Babies outgrow things at lightning speed. Those adorable designer brand moccasins? Don’t count on your fashionista wearing them more than twice before it’s time to move up a size. The expensive infant carrier that your baby rejected immediately? The wipes warmer you never took out of the box? Most parents wind up with barely-used clothes, gear, toys, furniture, and accessories, which is why sites and social media venues like Facebook Marketplace, OfferUp, Poshmark, and Craigslist are flooded with used baby items for sale.
Between hand-me-downs from friends, your local “Buy Nothing” or “Swap” Group, or various online outlets selling second hand goods, there are tons of ways to buy (and sell) used baby items for a fraction of the cost. Plus, you can picture the planet doing a little happy dance every time!
But...a word of warning! While you can snag great deals on almost anything, not ALL baby items should be purchased second hand. Here are tips on how to be a savvy AND safe thrifter.
Car seats: Due to constantly evolving safety standards, yearly technology upgrades, strict expiration dates, and materials that degrade over time, experts recommend splurging on a brand new car seat for your little cruiser.
PS: Once your kiddo grows out of their current car seat, check out Target’s and Walmart’s car seat trade in programs. While these events only last for specific time periods during the year, it’s worth saving your seat until the next one rolls around.
Strollers: Ditto on ALL the above! It’s best to purchase a new stroller to ensure you receive a safety compliant product with no wear and tear from another family’s use.
Cribs and crib mattresses: 2011 introduced a slew of new safety standards for crib manufacturers (meaning any crib made before 2011 is out of bounds). Even if a crib was made post-2011, it’s still safer to buy new. Used cribs are prone to weakened hardware and structural integrity, posing a major safety hazard for your tiny tot. And for sanitary reasons, it’s best to purchase a shiny new crib mattress, too!
We know these baby gear items can really add up! If you are a budget-conscious parent-to-be, consider adding these items to your registry as a “group gift” so multiple friends and family can contribute. And keep an eye out for seasonal or holiday sales whenever you’re in the market for a high-ticket item.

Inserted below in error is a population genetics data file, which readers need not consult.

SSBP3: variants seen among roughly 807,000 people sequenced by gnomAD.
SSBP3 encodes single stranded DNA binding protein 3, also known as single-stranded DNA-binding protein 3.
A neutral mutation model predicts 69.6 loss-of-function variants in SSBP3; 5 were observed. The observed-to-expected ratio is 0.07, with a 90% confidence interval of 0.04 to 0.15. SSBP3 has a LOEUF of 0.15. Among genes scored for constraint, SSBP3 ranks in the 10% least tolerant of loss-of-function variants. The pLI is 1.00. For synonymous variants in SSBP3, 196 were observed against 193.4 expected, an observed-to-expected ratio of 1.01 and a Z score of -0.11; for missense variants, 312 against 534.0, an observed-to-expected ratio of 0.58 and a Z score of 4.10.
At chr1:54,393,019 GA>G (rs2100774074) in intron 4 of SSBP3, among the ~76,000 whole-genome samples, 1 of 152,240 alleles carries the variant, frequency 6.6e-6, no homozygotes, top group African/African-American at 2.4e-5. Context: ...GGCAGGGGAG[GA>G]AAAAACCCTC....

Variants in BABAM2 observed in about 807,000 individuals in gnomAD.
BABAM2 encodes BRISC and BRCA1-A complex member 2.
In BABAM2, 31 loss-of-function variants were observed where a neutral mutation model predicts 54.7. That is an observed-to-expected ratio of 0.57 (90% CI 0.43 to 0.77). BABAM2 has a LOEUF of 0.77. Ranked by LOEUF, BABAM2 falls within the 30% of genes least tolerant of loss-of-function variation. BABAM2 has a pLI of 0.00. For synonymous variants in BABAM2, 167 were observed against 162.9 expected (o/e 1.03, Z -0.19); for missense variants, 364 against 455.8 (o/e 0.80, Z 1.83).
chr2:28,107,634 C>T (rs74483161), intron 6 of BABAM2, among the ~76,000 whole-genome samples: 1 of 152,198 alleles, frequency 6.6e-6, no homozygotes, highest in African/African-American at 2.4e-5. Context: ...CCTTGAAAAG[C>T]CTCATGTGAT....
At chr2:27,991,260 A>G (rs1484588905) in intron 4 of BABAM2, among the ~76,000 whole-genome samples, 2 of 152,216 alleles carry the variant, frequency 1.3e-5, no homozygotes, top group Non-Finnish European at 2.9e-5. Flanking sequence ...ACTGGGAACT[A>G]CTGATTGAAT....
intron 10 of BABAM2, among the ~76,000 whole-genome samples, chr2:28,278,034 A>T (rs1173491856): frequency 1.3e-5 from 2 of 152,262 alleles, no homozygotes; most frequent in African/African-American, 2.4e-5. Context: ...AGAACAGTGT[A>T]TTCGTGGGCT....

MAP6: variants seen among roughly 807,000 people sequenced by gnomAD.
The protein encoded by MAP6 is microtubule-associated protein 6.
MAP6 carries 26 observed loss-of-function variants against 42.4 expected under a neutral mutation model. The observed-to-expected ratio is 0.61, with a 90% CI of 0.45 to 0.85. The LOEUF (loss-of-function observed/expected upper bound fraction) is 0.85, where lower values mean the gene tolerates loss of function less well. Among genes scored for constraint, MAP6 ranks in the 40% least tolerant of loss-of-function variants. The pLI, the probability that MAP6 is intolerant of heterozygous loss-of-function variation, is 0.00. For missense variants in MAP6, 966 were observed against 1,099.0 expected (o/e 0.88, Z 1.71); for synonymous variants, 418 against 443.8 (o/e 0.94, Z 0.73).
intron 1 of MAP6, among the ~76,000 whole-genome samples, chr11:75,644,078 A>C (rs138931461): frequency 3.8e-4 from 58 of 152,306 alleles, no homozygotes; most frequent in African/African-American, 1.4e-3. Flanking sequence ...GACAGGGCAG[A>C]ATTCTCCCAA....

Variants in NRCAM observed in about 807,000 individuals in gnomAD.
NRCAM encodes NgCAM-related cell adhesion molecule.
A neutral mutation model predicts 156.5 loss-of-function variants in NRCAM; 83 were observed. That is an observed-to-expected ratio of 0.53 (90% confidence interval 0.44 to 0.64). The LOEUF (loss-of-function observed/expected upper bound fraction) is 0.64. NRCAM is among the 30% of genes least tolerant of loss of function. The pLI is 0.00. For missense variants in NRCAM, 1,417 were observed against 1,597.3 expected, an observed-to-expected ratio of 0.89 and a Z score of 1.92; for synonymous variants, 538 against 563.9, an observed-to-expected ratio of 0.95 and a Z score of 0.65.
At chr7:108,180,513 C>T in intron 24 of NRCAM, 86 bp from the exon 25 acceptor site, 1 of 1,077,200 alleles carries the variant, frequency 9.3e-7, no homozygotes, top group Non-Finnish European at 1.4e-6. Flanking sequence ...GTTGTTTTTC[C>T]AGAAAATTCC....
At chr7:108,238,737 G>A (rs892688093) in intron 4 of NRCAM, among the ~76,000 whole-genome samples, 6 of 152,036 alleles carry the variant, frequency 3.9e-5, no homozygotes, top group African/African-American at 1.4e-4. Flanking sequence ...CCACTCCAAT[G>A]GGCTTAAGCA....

Baby furniture and accessories (changing tables, activity centers, high chairs, rocking chairs, playpens, carriers): In most cases, it’s fine to source these products second hand. But, buyer beware! After gathering all details from the seller or gifter (the item’s full name, model number, date of manufacture, etc.), visit recalls.gov or the Consumer Product Safety Commission's list of recalls to ensure it meets current safety standards.
Baby Toys: Since most toys can be washed and disinfected in hot soapy water, this is another smart second-hand purchase. Just avoid any vintage toys, as they could contain chipped, lead paint or wobbly parts. For your own peace of mind, be sure to check it out via an online recall finder. And when in doubt, contact the company. Better safe than sorry!
Baby Clothes: Coats, shoes, hats, onesies, socks, swaddles. Babies are lucky if they get more than a few uses out of their threads before it’s time to size up. For this reason, you can feel confident about buying or accepting (gently used) baby clothes. Be sure to inspect them for loose buttons and seams, and ALWAYS give them a thorough wash before putting them on your wee one (just as you would with brand new baby clothes!).
“When was the item purchased, and how long was it used?” Try to glean as much information about the history of the item as possible.
“What is the full product name or model number?” With this information, you can look up any item on recalls.gov or the Consumer Product Safety Commission's list of recalls before you seal the deal (please do!).
“Does it include the instruction manual?” For any accessory, like a baby carrier or baby bouncer, you’ll want to have the official product information and instructions on hand. Sometimes you can find these online, too.
“Does the item come from a smoke-free/pet-free home?” Very important questions to ask, especially if there’s an allergy in the family. If picking up an item locally, be sure to give it the “smell test” before you commit.
What are your tips and tricks for buying second hand? Let us know in the comments below!